The set ends on a haunting note with an a cappella vocal of the jazz standard "Nature Boy," and Whitley surprises us again, this time as an effective, nuanced, interpretive ballad singer. War Crime Blues is the album Whitley fans have been waiting for
During the past 15 years, Houston-born nomad Chris Whitley has tried to dodge the blues tag, saying it doesn't appropriately capture his self-described "psychosexual, socio-spiritual love songs that hope to (expletive) with stereotypes."
As his two new albums -- War Crime Blues and Weed -- further prove, Whitley doesn't utilize the blues' three-chord, my-baby-done-left-me constructs so much as channel a bluesman's method of playing variations upon a style.
Of course, Whitley's variations have been extreme, from the dusty blues of his 1991 debut Living With the Law to the guitorgy of 1995's Din of Ecstasy to the whisper of 1998's Dirt Floor to the jazzy covers on 2000's Perfect Day to 2001's techy, futuristic Rocket House.
The common factors were his fleet-fingered picking, his wraithlike voice and a knack for pairing words with iconic gusto to create his own vernacular full of post-gothic imagery: "my secret Jesus," "poison girl," "narcotic prayer," "automatic love," "blood antenna."
A Whitley "greatest hits" mix would befuddle a newcomer as his muse is prone to frequent relocation. But of his nine studio sets, Weed might be the best Chris Whitley primer, featuring 16 re-recorded songs that he wrote between 1986 and 1996. Half are pulled from Law, and for enthusiasts they're revelatory.
After rocking out on last year's Hotel Vast Horizon, Whitley has again locked himself in a room with just a resonator guitar and his stomping foot like he did on Dirt Floor. He pulls the sun-dried skin from these familiar songs and plays around with the bones.
Kick the Stones is perhaps the best example of how Whitley makes the familiar new. On Law, the song was full of spit and menace. Here that fiery grit is replaced with measured contemplation and quiet resignation. Law's title cut gets the same treatment, while the feedback-washed drone of Narcotic Prayer has been whittled to a similarly rudimentary state.
War Crime Blues is every bit as spare -- just a skinny guy wringing songs from a metal guitar and his thudding foot -- but the album is a different breed of cat.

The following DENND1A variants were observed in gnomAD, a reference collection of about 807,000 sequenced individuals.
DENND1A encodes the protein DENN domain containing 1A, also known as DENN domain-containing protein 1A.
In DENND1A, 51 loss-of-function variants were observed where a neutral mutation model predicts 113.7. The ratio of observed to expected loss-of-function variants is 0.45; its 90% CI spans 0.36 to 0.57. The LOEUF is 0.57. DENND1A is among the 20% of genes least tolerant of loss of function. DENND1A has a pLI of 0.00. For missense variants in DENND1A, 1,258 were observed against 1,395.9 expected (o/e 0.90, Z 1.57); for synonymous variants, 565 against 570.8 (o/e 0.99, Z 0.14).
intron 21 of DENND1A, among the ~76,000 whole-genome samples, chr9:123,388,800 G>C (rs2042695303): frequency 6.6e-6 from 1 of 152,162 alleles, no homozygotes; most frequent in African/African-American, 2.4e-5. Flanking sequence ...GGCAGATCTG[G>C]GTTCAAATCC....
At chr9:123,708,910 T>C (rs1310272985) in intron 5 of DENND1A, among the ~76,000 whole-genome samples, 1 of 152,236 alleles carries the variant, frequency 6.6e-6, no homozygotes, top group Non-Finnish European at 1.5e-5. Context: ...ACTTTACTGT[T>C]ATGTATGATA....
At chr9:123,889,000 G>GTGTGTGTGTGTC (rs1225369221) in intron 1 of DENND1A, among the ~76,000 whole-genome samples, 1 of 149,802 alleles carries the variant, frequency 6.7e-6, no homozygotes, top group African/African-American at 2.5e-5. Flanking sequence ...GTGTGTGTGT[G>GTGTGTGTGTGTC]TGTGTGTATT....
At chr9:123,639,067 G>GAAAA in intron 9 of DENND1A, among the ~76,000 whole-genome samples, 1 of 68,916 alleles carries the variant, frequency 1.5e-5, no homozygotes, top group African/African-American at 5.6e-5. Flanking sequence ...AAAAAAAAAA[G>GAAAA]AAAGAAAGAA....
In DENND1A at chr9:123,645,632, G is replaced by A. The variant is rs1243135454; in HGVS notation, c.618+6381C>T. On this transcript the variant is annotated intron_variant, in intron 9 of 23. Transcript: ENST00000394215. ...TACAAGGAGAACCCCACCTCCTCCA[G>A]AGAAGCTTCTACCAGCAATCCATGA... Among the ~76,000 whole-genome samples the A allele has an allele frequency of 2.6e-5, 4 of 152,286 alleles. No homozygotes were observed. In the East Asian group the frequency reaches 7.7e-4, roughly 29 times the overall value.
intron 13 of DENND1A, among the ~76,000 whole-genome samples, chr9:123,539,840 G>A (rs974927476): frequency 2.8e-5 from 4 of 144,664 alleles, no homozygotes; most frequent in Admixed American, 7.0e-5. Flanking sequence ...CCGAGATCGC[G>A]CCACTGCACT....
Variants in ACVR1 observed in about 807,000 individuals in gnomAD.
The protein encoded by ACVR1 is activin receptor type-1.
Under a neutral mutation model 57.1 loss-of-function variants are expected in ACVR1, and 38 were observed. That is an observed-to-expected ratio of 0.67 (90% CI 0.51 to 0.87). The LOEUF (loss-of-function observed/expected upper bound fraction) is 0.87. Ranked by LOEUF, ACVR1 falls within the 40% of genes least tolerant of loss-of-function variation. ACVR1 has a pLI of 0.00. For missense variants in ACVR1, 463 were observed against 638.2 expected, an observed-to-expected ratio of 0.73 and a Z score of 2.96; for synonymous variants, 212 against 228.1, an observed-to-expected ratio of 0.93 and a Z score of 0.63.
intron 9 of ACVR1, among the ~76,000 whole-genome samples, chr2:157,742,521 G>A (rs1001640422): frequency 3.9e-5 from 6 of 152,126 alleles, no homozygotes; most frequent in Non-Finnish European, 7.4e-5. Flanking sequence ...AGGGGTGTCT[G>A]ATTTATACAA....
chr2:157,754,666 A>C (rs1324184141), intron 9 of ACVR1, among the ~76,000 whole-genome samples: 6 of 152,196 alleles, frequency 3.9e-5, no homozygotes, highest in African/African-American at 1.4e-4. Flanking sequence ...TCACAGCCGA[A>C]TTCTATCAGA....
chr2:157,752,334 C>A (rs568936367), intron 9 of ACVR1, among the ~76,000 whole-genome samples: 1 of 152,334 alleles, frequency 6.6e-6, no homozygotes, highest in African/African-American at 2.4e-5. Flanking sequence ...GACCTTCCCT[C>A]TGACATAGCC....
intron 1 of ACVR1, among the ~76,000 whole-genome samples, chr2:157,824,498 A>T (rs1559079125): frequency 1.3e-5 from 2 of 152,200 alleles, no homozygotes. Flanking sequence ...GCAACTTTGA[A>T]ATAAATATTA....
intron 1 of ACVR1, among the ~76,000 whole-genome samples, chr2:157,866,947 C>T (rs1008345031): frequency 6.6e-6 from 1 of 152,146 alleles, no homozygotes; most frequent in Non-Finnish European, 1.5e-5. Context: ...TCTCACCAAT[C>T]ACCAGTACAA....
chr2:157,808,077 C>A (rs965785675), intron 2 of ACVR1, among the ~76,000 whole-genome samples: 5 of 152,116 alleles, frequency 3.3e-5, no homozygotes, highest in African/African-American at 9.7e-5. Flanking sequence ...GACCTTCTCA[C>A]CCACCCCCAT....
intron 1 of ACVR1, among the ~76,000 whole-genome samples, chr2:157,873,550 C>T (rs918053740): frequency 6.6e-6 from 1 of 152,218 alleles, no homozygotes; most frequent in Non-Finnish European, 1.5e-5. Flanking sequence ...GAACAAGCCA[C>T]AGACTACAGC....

Loosely conceptual, it includes a trio of seemingly disparate covers -- Lou Reed's I Can't Stand It, the Clash's The Call Up and the Nat King Cole standard Nature Boy -- that provide narrative guideposts upon which Whitley hangs his own songs: There's the seed of discontent in the misery, solitude and addiction of Reed's composition, the Clash call for breaking destructive cycles, while Nature Boy finds the exchange of love as the fundamental lesson at the end of life's travel.
Whitley's originals play off of these themes, filling verbal indictments of violence with flesh and blood and sinew (the foot-fabricated heartbeat on the title track, for instance). There is also a new rash of his vivid, haunting word couplings -- look no further than the death-cloaked song titles: Made From Dirt, Her Furious Angels, Dead Cowboy Song, White Rider.
The accompanying music is equally striking. A John Lee Hooker-tinged riff on Ghost Dance is engulfed in a storm of strings. Forget the blues, Whitley's playing echoes some of the European avant garde jazz practitioners who he's undoubtedly heard, having made Germany his home for the past several years. His is a subtly torrential style that at times sounds like the work of three guitarists.
At a half hour, War Crimes Blues is efficient. Any longer would have proved taxing, as it's a cathartic ride most of the way.
The closing cover of Nature Boy is a recording of singular resonance, revelation and perfection. Whitley delivers the standard a capella in a deep voice that hardly sounds like his own. It's haunting and hopeful and timeless, and not only does the cover make good on his promise to meddle with stereotypes, it also shuns any peg to style or genre, blues or otherwise. It also disappears in a flash, a whispered urge to start this fantastic album over again and have it lull you into thinking you know where Whitley's creative spirit is today, when he's already taken steps toward tomorrow.